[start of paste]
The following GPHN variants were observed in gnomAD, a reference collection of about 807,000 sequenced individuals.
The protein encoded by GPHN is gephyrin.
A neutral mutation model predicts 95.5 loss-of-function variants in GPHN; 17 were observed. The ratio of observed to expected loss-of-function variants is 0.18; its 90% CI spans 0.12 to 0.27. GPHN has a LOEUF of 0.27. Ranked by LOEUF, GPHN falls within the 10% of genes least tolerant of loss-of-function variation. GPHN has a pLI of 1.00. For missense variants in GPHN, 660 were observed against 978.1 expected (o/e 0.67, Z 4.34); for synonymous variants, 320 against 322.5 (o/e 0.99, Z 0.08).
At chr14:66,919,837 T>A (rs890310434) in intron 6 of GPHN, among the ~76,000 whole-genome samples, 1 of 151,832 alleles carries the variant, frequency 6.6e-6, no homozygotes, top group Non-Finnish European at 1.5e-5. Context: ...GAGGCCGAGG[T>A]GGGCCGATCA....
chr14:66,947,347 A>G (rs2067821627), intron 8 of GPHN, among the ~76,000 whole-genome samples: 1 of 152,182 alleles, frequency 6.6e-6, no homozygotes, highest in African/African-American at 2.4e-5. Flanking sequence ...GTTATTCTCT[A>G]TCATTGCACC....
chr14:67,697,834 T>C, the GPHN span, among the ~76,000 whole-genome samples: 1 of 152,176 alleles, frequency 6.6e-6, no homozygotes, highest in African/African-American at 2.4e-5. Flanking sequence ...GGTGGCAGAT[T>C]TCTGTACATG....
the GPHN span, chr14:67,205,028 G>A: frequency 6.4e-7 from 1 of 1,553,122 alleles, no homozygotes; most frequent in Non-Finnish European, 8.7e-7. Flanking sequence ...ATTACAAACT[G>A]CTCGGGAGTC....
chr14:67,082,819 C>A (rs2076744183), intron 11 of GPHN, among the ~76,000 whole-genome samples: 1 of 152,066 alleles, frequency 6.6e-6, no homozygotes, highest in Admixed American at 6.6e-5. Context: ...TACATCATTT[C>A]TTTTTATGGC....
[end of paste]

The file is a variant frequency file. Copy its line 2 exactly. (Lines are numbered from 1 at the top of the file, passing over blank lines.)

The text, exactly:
The protein encoded by GPHN is gephyrin.